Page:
To measure the effectiveness of the interventions to encourage PHR use, 369 patients were followed to monitor how they used the PHR, asking if they: 1) looked at lab results; and 2) used the PHR to ask questions of their medical provider. The research team sent PHR users a followup survey at 6 months to assess the facilitators of and barriers to PHR use.

As last self-reported, project progress and activities are mostly on track and budget spending is on target. The project is behind schedule on the distribution of the final patient survey and is using a 1-year no-cost extension until March 2013 to complete the final patient survey, analysis of the survey and intervention to increase use of the PHR, and write the final report. Several papers focusing on the patient surveys and effectiveness of the intervention strategies to improve adoption and use of the PHR are also in progress.

Preliminary Impact and Findings: Adopters and non-adopters of the PHR were mailed surveys using Dillman’s tailored design method approach. A response rate of 59 percent was obtained by mailed surveys to adopters of the PHR (PHRA). In comparison, there was a 42 percent response rate among the nonadopters of the PHR (PHRNA). This is not surprising, given that non-adopters may be more reluctant to complete a survey on perceptions and attitudes of PHRs. PHRA assigned significantly greater values than PHRNA to the use of a PHR for communicating with their provider’s offices for the following tasks:

  • Appointment requests (Mean PHRA=7.3 versus mean PHRNA=5.8)
  • Medication refills (Mean PHRA=7.8 versus mean PHRNA=6.2)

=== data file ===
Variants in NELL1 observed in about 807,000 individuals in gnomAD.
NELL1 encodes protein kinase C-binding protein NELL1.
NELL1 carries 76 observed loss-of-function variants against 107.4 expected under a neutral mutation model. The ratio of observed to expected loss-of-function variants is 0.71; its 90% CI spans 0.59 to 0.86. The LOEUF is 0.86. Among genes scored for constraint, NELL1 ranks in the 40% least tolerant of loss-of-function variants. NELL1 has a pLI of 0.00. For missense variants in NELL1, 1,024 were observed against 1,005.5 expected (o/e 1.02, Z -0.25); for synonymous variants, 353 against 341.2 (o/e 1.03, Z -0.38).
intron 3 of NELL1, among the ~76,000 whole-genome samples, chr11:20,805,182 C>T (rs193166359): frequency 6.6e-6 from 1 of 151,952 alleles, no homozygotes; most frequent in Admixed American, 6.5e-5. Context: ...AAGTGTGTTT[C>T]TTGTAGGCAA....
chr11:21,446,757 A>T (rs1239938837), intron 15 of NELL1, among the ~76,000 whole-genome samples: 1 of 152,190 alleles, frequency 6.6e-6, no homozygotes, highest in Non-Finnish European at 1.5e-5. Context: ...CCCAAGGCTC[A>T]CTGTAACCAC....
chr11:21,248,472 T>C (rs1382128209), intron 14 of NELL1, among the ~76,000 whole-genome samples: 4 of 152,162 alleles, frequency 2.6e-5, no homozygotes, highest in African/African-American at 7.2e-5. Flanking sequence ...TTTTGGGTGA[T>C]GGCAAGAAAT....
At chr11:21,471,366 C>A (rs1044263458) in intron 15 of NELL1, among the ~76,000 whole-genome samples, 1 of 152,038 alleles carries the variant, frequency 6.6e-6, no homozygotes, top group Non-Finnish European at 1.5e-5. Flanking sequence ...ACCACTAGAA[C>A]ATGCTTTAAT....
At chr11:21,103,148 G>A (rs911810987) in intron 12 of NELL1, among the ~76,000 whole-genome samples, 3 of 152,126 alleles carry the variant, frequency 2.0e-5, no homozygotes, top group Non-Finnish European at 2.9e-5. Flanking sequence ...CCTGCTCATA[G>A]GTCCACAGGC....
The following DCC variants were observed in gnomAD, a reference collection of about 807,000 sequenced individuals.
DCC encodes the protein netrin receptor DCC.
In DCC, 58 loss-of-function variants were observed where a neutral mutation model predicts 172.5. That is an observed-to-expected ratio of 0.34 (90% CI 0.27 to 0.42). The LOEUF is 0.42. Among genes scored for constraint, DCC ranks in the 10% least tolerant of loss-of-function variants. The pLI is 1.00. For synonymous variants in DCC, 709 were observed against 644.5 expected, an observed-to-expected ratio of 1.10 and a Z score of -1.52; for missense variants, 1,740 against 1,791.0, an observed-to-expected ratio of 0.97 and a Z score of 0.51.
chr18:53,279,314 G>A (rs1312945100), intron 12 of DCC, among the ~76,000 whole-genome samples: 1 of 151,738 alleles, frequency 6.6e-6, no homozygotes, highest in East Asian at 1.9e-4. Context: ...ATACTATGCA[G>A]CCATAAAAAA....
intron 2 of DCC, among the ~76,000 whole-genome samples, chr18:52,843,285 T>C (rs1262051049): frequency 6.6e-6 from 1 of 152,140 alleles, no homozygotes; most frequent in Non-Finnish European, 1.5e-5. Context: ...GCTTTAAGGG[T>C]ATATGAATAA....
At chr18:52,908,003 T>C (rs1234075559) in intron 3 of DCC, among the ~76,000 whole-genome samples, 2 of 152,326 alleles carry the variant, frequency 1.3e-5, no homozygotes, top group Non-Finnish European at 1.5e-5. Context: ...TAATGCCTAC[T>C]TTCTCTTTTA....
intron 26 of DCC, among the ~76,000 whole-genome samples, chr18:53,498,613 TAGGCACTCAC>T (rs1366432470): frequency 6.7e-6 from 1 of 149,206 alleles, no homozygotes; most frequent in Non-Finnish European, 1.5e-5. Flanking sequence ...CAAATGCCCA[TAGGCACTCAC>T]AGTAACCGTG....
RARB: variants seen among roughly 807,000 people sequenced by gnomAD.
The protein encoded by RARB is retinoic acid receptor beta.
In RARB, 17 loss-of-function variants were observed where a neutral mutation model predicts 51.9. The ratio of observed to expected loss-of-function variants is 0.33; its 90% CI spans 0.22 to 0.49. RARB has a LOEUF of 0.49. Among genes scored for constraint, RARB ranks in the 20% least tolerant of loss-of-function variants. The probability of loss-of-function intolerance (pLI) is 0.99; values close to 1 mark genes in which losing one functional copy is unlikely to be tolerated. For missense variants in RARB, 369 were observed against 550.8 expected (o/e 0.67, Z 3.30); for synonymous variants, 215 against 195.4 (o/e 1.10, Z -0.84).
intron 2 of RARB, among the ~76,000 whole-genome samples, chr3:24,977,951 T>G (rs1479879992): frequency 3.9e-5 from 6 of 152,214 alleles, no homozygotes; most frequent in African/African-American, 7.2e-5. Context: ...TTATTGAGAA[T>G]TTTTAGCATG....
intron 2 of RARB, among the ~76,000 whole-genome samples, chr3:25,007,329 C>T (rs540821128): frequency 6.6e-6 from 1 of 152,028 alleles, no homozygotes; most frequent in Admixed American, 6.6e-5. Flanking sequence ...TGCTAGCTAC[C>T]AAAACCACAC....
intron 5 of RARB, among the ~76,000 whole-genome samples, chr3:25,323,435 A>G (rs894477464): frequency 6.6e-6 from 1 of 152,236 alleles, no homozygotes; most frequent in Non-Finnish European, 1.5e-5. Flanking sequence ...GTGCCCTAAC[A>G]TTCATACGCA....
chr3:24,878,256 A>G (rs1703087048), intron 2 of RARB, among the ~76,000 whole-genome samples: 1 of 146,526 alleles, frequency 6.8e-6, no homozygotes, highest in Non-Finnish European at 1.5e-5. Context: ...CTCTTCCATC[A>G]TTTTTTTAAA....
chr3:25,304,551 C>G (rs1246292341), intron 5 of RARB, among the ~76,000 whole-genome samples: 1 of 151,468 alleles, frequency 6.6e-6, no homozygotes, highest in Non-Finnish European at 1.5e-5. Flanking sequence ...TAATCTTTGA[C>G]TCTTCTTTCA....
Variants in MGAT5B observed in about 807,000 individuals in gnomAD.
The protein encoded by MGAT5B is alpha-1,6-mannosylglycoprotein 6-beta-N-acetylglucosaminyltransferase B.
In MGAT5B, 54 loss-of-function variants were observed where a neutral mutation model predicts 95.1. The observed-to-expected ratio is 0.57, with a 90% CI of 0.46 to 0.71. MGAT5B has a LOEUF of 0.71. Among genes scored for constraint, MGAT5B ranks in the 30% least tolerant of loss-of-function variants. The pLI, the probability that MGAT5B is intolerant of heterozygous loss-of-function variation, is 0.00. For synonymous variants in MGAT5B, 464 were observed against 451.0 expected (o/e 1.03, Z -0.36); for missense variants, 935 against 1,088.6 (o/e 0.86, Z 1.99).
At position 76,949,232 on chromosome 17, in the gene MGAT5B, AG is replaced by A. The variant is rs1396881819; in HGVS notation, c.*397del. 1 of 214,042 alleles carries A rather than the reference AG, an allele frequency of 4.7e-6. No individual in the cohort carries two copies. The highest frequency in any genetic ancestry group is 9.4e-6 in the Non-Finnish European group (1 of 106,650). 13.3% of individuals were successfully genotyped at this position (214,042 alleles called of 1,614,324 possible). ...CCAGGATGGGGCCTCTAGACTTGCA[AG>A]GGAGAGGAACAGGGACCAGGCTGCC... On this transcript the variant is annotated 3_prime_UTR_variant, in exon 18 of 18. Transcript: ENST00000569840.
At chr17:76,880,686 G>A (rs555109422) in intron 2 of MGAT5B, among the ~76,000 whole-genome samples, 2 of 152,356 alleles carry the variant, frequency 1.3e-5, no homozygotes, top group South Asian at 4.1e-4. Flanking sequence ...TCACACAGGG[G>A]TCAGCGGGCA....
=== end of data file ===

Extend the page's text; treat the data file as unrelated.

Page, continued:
• Viewing laboratory results (Mean PHRA=8.5 versus mean PHRNA=6.1)
  • Viewing radiology results (Mean PHRA =7.8 versus mean PHRNA=5.9)
  • Asking a medical question (Mean PHRA =7.2 versus mean PHRNA=5.6)

PHRA also showed significantly greater preferences for receiving health information via a PHR: 62 percent of PHRA would prefer to receive preventive care information via a PHR, compared to 32 percent of PHRNA; 65 percent of PHRA would prefer receiving patient education materials via a PHR, compared to 29 percent of non-adopters. Preliminary results suggest that PHRA value PHRs for patient engagement and effective communication and prefer the PHR for receiving information such as preventive care reminders and patient-educational materials.

Target Population: Adults

Strategic Goal: Develop and disseminate health IT evidence and evidence-based tools to support patient-centered care, the coordination of care across transitions in care settings, and the use of electronic exchange of health information to improve quality of care.

Business Goal: Knowledge Creation